What is Regressive Autism?
There are two types of autism diagnoses: Early onset autism and regressive autism. The former is the most common form, and children with early onset autism develop symptoms from the time of their birth.
With regressive autism, on the other hand, a child has neurotypical characteristics when they’re born. Their symptoms only start to appear after they turn one year old.
For example, if your son or daughter is diagnosed with regressive autism, they may engage with others and/or learn new words without any trouble during the first few months of their life.
However, as they get older, your kid could withdraw from social activities, begin to prefer playing by themselves, and lose their linguistic skills.
What is the age at which regressive autism starts?
In most cases, regressive autism manifests itself between a child’s first and third birthdays.
Researchers recommend that parents should screen their kids for autism at 18, 24, and 36 months old.
At some point after the third year, a child who has regressive autism stops developing new symptoms.
In other words, the parents of a four-year-old boy or girl will get a clear idea of how severe their child’s regressive autism is, and they don’t have to worry about whether the condition could worsen.
By keeping an eye out for the initial signs of regressive autism, you could intervene at an initial stage and give your child the treatment (like aba therapy) that they need.
Signs of Regressive Autism in a Child
Unlike children with early onset autism, those that have regressive autism grow normally. For instance, they will say their first word, learn the alphabet, and socialize in school just as a neurotypical child would. Yet they lose these skills as they age.
Here are some signs and early developmental patterns that indicate that a child may have regressive autism:
- They struggle with pronouncing words that they were previously comfortable with.
- A child may revert from participating in games with other children to watching TV or playing with their toys on their own.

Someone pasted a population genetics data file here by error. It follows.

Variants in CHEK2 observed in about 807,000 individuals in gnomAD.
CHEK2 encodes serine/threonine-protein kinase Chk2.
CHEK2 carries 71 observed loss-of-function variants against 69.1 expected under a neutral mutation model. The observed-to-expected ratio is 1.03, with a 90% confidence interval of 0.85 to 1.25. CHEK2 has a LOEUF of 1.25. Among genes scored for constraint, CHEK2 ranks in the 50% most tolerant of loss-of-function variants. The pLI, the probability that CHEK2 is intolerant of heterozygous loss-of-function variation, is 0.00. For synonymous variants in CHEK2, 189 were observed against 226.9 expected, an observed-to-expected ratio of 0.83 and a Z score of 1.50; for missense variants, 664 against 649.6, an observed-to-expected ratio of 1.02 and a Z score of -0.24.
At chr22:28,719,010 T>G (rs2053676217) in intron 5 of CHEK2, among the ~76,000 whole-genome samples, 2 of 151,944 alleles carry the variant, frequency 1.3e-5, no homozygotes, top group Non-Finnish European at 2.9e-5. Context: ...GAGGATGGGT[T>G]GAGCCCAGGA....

- The child loses their non-linguistic skills. They may stop gesturing or maintaining eye contact, to give a couple of examples.
A lot of the time, the first sign that appears is the loss of non-linguistic skills.
If you suspect that your son or daughter is showing signs of regressive autism, there are certain ways to diagnose them.
How to Diagnose a Child with Regressive Autism
After the early signs of regressive autism begin to emerge, the child will eventually display common autism spectrum disorder (ASD) symptoms. Here are some of the most prevalent ones:
- Repetitive behaviors, such as hand-flapping and hair-pulling.
- An obsession with specific toys, objects, or TV shows.
- A preference to play and be alone over participating in activities with other kids.
- The inability to sit still, whether that’s at home, in class, and/or elsewhere.
- Having physical tantrums and emotional meltdowns when they’re upset, even if it’s over minor things.
- General struggles in social situations.
Although many children typically show one or several of these symptoms, autistic kids (with both early onset and regressive autism) exhibit most or all of them. They also display the symptoms more severely than their neurotypical counterparts.